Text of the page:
As fungi grow, they constantly perceive, learn and make decisions. Fungi are like polyglots: they both “speak” and understand a wide variety of chemical signals. They release and react to chemicals that float in the air and flow in the water. Interestingly, fungi not only perceive the meaning of a chemical, but must also interpret it in context and in relation to other chemicals.
Studies of how fungi interact have lagged behind research on plant and especially animal interactions. Most are based on multiple species of “lab mice”, so knowledge of other species is limited, but here we summarize what is known about three areas of interaction: within fungi, between fungi of the same species, and with other organisms.
In the fungus
Each growing tip has autonomy and responsibility for the whole organism, similar to the social insect and its relationship to the hive. Chemicals, nutrients, and electrical impulses flow between the cells in each mycelium. Their activities work to communicate information about events and coordinate actions across the network. Research by Andrew Adamatzky, professor of abnormal computing at the University of the West of England in Bristol, suggests that they can affect the internal bioelectrical signals of the mycelium, which can create “language”. Whether or not mycelium is a nervous system, mycelium has similarities to these systems. Both have branching structures, strengthen or shorten pathways as needed, and use some of the same amino acids to transmit information.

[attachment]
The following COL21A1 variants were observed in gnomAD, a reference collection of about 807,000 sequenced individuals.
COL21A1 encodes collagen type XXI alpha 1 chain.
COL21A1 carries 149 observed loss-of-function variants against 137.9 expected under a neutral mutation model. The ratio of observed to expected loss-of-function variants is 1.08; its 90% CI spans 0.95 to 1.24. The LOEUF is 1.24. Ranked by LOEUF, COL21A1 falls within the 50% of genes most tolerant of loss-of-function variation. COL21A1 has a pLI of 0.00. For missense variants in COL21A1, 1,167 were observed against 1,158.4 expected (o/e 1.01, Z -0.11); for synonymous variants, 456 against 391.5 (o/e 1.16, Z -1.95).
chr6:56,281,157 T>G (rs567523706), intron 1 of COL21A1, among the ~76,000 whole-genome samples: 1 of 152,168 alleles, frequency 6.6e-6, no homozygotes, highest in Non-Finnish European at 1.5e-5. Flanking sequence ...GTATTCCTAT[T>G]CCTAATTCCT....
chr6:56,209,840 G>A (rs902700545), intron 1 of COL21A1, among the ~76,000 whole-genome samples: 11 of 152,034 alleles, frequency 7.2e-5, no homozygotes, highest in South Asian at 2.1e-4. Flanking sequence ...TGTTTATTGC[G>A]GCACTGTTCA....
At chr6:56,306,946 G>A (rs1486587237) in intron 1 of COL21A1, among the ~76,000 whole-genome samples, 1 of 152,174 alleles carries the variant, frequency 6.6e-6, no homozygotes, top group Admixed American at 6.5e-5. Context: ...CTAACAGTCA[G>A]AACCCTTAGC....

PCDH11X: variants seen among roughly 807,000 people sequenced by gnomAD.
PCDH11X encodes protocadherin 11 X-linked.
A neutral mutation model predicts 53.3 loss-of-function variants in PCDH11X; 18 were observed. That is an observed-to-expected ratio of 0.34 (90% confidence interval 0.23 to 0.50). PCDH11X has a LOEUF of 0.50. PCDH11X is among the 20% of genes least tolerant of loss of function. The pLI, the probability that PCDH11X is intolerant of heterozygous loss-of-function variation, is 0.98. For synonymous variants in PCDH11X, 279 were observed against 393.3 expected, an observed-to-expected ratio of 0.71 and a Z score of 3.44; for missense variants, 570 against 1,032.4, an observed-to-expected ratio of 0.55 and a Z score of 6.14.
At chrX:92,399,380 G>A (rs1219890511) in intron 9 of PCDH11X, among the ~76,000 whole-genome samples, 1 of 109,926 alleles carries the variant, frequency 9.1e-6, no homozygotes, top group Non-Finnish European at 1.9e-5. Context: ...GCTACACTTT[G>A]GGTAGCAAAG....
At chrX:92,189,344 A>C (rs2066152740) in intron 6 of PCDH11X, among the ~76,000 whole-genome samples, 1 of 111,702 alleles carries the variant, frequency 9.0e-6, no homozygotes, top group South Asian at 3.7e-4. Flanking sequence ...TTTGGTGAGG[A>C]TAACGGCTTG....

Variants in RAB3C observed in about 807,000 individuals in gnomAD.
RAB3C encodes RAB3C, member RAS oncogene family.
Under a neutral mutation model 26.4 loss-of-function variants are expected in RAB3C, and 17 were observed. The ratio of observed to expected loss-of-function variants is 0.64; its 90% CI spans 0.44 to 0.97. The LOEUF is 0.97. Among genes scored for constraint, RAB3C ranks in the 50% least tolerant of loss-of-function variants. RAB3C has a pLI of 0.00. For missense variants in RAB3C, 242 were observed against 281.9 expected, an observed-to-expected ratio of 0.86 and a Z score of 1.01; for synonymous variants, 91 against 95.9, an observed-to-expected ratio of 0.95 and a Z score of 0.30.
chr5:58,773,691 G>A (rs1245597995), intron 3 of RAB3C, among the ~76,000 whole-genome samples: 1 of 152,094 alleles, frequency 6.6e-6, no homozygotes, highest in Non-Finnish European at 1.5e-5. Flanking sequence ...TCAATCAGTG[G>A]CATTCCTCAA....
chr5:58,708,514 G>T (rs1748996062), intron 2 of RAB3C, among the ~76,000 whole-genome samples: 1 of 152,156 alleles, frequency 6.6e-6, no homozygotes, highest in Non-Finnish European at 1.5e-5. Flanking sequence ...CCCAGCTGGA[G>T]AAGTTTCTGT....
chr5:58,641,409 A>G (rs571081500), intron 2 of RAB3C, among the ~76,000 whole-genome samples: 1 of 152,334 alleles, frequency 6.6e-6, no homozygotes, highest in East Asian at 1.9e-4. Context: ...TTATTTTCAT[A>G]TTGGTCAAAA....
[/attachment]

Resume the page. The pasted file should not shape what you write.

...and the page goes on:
Among fungi of the same species
Many fungi are sexual and must mate to reproduce. They send out pheromones and “smell” others and then grow into attractive ones (based on what they are attracted to). Whenever two mycelia meet, they meet to negotiate their relationship, which can range from fusion (to form a reproductive or reproductive partnership) to physical isolation to indifference or even chemical antagonism. Each associated mycelium negotiates the physical dynamics of fusion and life thereafter through association.